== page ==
While the ideal library’s standard of universality will guarantee protected archives for all information, librarians will continue the diligent pursuit of quality for their clients. They will not only find it and ensure its visibility; they will also reach out to support its creation. Some university presses already report to university librarians. Library budgets will assist open access sources to increase quality by supporting such practices as expert editing, recording electronic interactions built around specific content, linking related content, etc. Searchers looking for the best data — and that includes user-friendly web search engines ranking search results — will look first to the material tagged with the “dot-lib” domain.
Sounds great, doesn’t it? But maybe too far away, too pie in the sky? Well, here’s an idea. Why don’t we librarians, we information professionals, build a model library, one with enough size and scope, both in terms of content and clientele, to serve as a scalable model for the creation of the future ideal library? If librarians built it, we would make sure that it worked entirely in the interests of users. We could work through the challenges of new services such as 24/7, round-the-clock, round-the-calendar delivery. We could prove our worth and our ownership of our professional turf in the Third Millennium and beyond.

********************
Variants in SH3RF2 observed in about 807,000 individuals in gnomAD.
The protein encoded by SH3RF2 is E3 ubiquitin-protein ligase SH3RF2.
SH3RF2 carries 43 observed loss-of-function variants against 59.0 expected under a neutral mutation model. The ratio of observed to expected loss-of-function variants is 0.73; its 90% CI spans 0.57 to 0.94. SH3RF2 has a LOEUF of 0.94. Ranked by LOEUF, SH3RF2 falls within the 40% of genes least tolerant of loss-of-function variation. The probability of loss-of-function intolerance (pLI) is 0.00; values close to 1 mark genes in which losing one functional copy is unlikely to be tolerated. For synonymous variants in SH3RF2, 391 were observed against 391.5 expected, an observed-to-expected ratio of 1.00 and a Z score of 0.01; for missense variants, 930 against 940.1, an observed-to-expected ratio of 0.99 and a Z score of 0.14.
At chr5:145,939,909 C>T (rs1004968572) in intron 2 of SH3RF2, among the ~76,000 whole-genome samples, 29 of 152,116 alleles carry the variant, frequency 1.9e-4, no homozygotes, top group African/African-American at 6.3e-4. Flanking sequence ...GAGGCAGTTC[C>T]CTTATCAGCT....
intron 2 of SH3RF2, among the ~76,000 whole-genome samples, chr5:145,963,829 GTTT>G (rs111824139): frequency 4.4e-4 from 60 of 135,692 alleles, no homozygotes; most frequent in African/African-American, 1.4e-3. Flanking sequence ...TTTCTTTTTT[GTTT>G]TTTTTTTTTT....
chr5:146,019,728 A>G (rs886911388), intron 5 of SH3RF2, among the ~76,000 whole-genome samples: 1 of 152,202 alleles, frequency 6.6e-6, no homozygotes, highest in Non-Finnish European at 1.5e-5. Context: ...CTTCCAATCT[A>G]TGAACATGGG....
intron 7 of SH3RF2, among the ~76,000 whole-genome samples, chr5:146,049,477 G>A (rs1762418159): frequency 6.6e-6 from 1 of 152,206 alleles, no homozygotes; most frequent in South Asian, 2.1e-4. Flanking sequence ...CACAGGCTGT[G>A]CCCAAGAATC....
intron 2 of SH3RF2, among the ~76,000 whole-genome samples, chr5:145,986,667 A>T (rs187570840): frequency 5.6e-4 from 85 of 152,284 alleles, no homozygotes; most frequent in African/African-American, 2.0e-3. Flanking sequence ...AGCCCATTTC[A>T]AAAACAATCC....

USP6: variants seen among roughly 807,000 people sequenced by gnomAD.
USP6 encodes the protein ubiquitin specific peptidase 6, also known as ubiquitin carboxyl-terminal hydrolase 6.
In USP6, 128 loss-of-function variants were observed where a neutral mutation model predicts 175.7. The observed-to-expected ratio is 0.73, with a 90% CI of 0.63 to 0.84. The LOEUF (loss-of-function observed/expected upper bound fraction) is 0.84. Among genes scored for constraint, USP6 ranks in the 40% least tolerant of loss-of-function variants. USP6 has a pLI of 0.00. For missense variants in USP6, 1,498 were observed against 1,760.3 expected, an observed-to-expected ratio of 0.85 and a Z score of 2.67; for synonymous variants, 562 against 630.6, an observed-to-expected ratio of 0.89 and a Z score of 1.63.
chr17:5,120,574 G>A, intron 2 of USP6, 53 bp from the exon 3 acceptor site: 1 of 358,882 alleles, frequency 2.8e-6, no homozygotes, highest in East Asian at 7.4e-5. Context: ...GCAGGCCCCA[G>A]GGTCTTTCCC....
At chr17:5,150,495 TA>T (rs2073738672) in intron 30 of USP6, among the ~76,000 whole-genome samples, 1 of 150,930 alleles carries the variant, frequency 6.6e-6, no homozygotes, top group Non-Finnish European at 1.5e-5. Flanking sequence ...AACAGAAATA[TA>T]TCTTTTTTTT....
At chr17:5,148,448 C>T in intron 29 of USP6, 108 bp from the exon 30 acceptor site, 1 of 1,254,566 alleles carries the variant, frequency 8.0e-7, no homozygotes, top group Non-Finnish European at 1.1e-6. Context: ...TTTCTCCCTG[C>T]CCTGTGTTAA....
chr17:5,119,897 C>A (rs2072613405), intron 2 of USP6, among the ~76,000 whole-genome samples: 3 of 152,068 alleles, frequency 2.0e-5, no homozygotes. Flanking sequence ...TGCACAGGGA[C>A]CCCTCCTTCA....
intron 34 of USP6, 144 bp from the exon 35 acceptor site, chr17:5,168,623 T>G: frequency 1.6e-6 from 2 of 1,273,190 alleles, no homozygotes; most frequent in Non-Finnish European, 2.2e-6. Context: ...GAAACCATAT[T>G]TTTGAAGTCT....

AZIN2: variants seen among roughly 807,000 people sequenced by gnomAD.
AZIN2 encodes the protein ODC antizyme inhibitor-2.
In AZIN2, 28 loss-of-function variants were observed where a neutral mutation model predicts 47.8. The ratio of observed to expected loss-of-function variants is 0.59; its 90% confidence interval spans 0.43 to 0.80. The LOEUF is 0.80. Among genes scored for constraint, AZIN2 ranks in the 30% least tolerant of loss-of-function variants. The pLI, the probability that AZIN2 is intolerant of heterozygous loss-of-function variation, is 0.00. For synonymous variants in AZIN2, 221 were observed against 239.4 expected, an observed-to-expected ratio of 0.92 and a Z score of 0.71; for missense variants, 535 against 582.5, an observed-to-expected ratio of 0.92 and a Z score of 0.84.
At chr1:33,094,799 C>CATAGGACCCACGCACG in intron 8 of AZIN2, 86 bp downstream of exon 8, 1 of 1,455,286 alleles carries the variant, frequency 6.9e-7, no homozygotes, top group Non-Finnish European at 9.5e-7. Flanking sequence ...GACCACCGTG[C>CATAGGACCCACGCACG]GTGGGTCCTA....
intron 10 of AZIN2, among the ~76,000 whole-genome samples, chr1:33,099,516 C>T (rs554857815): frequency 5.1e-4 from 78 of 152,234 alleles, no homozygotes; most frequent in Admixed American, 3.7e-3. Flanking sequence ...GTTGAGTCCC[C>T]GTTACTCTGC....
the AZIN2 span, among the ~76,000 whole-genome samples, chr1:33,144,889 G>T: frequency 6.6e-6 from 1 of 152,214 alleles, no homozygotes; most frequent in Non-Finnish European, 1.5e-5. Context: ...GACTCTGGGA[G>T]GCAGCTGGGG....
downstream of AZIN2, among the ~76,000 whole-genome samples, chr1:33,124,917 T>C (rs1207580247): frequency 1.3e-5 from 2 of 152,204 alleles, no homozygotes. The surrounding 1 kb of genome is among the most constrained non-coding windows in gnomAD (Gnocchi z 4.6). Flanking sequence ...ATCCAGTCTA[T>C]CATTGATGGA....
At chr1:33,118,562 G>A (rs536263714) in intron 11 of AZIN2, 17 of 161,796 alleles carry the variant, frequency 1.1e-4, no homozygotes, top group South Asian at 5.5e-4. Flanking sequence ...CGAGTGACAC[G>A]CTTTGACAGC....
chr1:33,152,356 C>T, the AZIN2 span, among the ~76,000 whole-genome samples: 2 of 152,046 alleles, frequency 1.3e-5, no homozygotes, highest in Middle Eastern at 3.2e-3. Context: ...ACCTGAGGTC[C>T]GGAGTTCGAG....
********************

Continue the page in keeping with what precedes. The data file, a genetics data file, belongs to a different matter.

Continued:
Of course, we would need the right collection, one that was as accessible as possible, one that had substantial digital content already, but — at best — one that could be rendered digital easily and quickly. Indeed, the ideal collection would have no barriers on deliverability. After all, librarians want content to reach every reader, not just every buyer.
But where could we find such an ideal collection and institutions with the expert staff and, most importantly, a mission concept that would allow for such full-throttle, clear-the-runway, 5-4-3-2-1-BLASTOFF library service? The answer? THE FEDERAL DEPOSITORY LIBRARY PROGRAM (FDLP)! The content is public domain, as universally deliverable as you’ll ever find. It covers as many topics and subjects of interest as any literature and with an authoritativeness that should reduce much of the filtering burden. Millions of documents are already digital in HathiTrust, with more pouring in from other public domain digitizing projects. The U.S. Government Printing Office (GPO), supporter and partial funder of the FDLP, is building a digital collection these days for current and future documents. With Congress moving toward severe budget cuts, the current print-bound FDLP is in the process of looking for new directions.
Librarians, let us rise to the challenge! Let us build an ideal library that will throw down the gauntlet to any future ideal library projects. Let us show the world what we can do when we are given our head. Let us build a better information world and brand it as “POWERED BY LIBRARIANS.”